Three shows offer provocative works


February 24, 1992|By John Dorsey | John Dorsey,Art Critic

Among area shows, sculptors David Yocum and Nicole Fall at Katzenstein make a happy combination, for each is outrageous in an idiosyncratic way. Yocum's pieces combine ceramic, neon, and sometimes acrylic that looks like thick plates of glass, into pieces that have some elements of landscape and also appear futuristic. In some ways they're awful, but they do exert a definite fascination; "Blue Window" looks like a bathroom basin supporting a super large bar of soap with a window in it.

Fall's metal sculptures resemble some sort of sea creature mutants that have struggled to shore and are waiting for anything to love them. In their ugliness -- for they are ugly, but attractively so -- they look endearingly forlorn and forever hopeful. In this show she has one human-sized work and several pedestal pieces, of which the flowing "Jacob's Ladder" and the scary-funny "Magenta Carnivora" are particularly effective.

The show runs through Friday at Katzenstein, 729 E. Pratt St. Call (410) 727-0748.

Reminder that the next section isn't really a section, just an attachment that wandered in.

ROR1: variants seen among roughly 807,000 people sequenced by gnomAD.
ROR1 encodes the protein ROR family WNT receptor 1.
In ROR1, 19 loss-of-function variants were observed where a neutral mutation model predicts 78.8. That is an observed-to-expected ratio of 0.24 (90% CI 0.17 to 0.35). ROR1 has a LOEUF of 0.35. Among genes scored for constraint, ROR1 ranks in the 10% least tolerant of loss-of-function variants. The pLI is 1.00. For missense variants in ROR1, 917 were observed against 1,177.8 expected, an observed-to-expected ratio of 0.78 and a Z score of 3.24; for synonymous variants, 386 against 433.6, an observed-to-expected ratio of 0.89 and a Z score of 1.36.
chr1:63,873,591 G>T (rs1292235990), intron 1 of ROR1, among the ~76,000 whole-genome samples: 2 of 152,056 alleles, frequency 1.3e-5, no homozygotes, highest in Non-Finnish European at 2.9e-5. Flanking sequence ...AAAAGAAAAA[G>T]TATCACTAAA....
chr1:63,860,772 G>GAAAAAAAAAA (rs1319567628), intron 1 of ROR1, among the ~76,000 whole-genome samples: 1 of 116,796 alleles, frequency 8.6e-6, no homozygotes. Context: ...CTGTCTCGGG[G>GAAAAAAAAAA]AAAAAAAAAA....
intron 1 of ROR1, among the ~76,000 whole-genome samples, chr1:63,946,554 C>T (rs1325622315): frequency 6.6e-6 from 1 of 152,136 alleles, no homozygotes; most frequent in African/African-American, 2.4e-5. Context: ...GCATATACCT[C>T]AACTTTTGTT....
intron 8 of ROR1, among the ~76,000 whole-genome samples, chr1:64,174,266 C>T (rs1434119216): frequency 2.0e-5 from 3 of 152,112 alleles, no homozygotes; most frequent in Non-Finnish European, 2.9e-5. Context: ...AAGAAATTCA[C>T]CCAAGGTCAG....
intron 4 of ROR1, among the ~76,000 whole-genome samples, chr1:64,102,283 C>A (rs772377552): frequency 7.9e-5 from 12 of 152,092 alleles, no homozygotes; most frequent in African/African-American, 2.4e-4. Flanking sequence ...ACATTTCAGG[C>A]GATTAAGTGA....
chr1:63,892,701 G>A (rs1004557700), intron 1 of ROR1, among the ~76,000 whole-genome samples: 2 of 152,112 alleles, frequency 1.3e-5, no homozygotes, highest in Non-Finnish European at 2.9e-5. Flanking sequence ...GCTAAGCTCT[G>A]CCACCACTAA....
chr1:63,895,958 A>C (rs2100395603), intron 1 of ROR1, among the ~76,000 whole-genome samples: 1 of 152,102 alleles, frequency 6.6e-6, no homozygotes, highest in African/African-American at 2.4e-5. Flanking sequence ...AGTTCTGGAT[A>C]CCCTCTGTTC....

I keep seeing one or two of Holly Hofmann's works in group shows and hoping for a chance to see a larger body of work in one place. Two of her pastels are in "Inner Vs. Outer Vision," a four-person show at Galerie Francoise, and, as in her other works, her surreal, abstract shapes in ambiguous spaces have deep psychological reverberations. They hit the viewer like manifestations of his own unconscious made visual, and a taste of this artist makes one want to drink deeper.

The show runs through Mar. 2 at Galerie Francoise, Green Spring Station, Falls and Joppa roads, Brooklandville. Call (410) 337-2787.


Christopher Bartlett is a painter and professor of art at Towson State University. His current show at the art gallery there consists of landscapes inspired by travels to Central America and Greece. A text accompanying the exhibit states that the artist thinks of his work less in descriptive terms than in formal terms, such as structure and color. His paintings are most successful in those terms when the picture plane is emphasized by a relatively shallow space, such as in "Porch" and "Balcony," or in a group including "Kalamos Island" and "Port Lioni," in which he stacks trees two-dimensionally, working against the image's illusory space.

The show runs through Friday at the Fine Arts Center, Osler and Cross Campus drives, Towson State University. Call (410) 830-2808.

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